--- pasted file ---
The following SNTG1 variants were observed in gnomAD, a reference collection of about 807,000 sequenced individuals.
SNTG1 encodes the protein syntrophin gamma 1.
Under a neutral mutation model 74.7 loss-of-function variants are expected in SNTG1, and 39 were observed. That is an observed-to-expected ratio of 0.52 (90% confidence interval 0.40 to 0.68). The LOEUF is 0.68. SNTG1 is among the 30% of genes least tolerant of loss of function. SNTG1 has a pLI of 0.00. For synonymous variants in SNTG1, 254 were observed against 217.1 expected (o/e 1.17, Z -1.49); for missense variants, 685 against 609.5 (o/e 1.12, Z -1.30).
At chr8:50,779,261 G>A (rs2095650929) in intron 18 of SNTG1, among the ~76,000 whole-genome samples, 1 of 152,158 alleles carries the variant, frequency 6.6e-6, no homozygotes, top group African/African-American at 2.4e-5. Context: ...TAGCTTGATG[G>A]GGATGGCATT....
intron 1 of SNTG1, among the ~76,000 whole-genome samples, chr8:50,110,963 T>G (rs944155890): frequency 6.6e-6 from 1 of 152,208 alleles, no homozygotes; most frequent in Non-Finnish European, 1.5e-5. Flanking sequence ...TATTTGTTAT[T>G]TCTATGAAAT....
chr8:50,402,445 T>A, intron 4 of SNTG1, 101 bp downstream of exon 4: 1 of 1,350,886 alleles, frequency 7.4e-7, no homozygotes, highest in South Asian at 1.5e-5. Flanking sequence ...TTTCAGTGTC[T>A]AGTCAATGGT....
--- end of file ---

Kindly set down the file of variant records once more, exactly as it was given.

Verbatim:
The following SNTG1 variants were observed in gnomAD, a reference collection of about 807,000 sequenced individuals.
SNTG1 encodes the protein syntrophin gamma 1.
Under a neutral mutation model 74.7 loss-of-function variants are expected in SNTG1, and 39 were observed. That is an observed-to-expected ratio of 0.52 (90% confidence interval 0.40 to 0.68). The LOEUF is 0.68. SNTG1 is among the 30% of genes least tolerant of loss of function. SNTG1 has a pLI of 0.00. For synonymous variants in SNTG1, 254 were observed against 217.1 expected (o/e 1.17, Z -1.49); for missense variants, 685 against 609.5 (o/e 1.12, Z -1.30).
At chr8:50,779,261 G>A (rs2095650929) in intron 18 of SNTG1, among the ~76,000 whole-genome samples, 1 of 152,158 alleles carries the variant, frequency 6.6e-6, no homozygotes, top group African/African-American at 2.4e-5. Context: ...TAGCTTGATG[G>A]GGATGGCATT....
intron 1 of SNTG1, among the ~76,000 whole-genome samples, chr8:50,110,963 T>G (rs944155890): frequency 6.6e-6 from 1 of 152,208 alleles, no homozygotes; most frequent in Non-Finnish European, 1.5e-5. Flanking sequence ...TATTTGTTAT[T>G]TCTATGAAAT....
chr8:50,402,445 T>A, intron 4 of SNTG1, 101 bp downstream of exon 4: 1 of 1,350,886 alleles, frequency 7.4e-7, no homozygotes, highest in South Asian at 1.5e-5. Flanking sequence ...TTTCAGTGTC[T>A]AGTCAATGGT....